The uniquely Spanish festival sees townspeople dress up in colourful costumes and form a queue to leap over a mattress laden with babies born during the previous 12 months. The ceremony rids the babies of evil spirits and guards against illness. This is one of the Corpus Christi festivals held all over Spain on the first Sunday after Corpus Christi, making it fall on 7 June 2016.
July 6–14: Running of the Bulls (Fiesta de San Fermín), Pamplona
This is one of Spain’s most famous festivals, and is a magnet for thrill-seekers and spectators from all over the world. Hundreds of thousands of visitors wearing white shirts and red bandanas for some serious partying and the bravest make a mad dash ahead of bulls careering down narrow streets. By night the squares are strung with decorative lights for drinking, eating, dancing, music and fireworks.
July 25: Feast of St. James, Santiago de Compostela
This religious event which commemorates the life and work of Saint James Theatre includes street shows, concerts and dance events are held at, the town’s patron saint who is reputed to be buried in the local cathedral. Religious services, during the Fiesta de Santiago Apóstol en Santiago de Compostela take place and those walking the ‘Camino de Santiago’ can time their pilgrimage to end at this event.
Late July: Near Death Festival, Neves
Those who have been close to death in the past year are carried through the streets of this town in coffins to thank Saint Marta, the ‘patron saint of death’. Known in Spanish as Romería de Santa Marta de Ribarteme. It might not be everyone’s cup of tea but it is certainly different.
August 15–21: Festa Major de Gràcia, Catalonia
This colourful, joyous festival is a must-see for anyone in the city in August. All year long, the residents of Gràcia work on elaborate decorations with themes such as marine life, the solar system, or even local politics, to hang in the streets. Each street competes to win based on the decorations and themes so quality and details is astonishing. By day, long trestle tables are set up for communal lunches and board games; at night, thousands invade the tiny streets for outdoor concerts, dances, and parties.
August 29–31: La Tomatina, Buñol, west of Valencia
This is the world-renowned, tomato-flinging festival held on the last Wednesday of August. Thousands of revellers use truckloads of overripe tomatoes as missiles and hurl them around like there is no tomorrow. The town now charges an entrance fee, so you’ll need a ticket to get in. Don’t forget to bring goggles and a change of clothes!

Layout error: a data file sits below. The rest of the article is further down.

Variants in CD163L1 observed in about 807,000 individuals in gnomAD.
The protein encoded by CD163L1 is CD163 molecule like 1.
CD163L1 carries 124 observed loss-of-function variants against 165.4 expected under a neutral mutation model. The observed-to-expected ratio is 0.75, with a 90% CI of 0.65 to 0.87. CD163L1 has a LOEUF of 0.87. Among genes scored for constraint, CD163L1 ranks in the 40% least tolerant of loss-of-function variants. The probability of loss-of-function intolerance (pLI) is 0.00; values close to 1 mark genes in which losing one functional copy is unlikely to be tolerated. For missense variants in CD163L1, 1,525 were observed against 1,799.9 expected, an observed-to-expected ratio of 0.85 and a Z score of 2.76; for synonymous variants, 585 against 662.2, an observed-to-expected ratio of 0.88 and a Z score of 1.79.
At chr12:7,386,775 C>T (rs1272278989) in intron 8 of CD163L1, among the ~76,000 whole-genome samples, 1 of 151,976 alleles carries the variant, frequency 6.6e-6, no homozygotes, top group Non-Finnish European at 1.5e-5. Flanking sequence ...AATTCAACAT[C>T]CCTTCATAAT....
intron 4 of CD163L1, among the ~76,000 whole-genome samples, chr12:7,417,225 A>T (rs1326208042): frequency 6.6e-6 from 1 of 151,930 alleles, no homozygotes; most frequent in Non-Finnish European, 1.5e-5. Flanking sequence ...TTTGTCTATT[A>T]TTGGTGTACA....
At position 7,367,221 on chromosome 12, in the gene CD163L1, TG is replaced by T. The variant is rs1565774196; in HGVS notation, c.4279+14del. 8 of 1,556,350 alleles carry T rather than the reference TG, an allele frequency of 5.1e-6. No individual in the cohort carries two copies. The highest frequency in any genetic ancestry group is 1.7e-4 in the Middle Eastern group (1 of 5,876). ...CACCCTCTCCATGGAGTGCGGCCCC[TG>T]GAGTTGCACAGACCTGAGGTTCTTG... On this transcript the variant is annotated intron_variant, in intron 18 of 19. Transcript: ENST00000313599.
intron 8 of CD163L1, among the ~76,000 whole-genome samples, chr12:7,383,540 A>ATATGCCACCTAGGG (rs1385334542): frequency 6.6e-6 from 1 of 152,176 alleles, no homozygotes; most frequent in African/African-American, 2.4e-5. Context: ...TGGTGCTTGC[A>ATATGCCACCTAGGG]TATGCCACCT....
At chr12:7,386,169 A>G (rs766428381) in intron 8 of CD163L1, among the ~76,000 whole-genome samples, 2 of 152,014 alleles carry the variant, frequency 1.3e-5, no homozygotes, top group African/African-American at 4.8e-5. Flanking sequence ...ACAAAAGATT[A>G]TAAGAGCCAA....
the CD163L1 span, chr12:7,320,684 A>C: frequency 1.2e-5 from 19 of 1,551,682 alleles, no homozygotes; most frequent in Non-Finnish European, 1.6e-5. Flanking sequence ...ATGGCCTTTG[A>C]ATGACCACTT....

Late-September: San Sebastián International Film Festival
The premier film festival of Spain takes place in several theatres in the Basque capital around 18 to 26 September 2016. Retrospectives are frequently featured, and weeklong screenings are held. If you are a film lover, don’t miss out on this unique festival!
September 24: Fiesta De La Mercé, Barcelona
This celebration honours the city’s patron saint, Our Lady of Mercy (La Mercè). During the week around the 24th September each year, the city is abuzz with free music concerts, from traditional to contemporary and held in the plazas (particularly Plaça de Catalunya and Plaça Sant Jaume), and figures from folklore such as the gigants (giants) and cap grosses (fatheads). Locals come out to perform the sardana (the traditional Catalan dance) and to watch the nail-biting castellers (human towers). Firework displays light up the night, and the grand finale is the correfoc, a parade of firework-brandishing ‘devils’ and dragons.
Are you thinking about coming to Spain this summer to study a TEFL course? We offer accredited TEFL courses in Barcelona, Malaga and Cadiz. Read about our Trinity CertTESOL course here and find out more about how you could become a qualified English teacher. If you need a visa to come to Barcelona to study or work, we provide a comprehensive visa service and offer the Developing Teacher course with Spanish in Barcelona which meets the requirements for a Student Visa.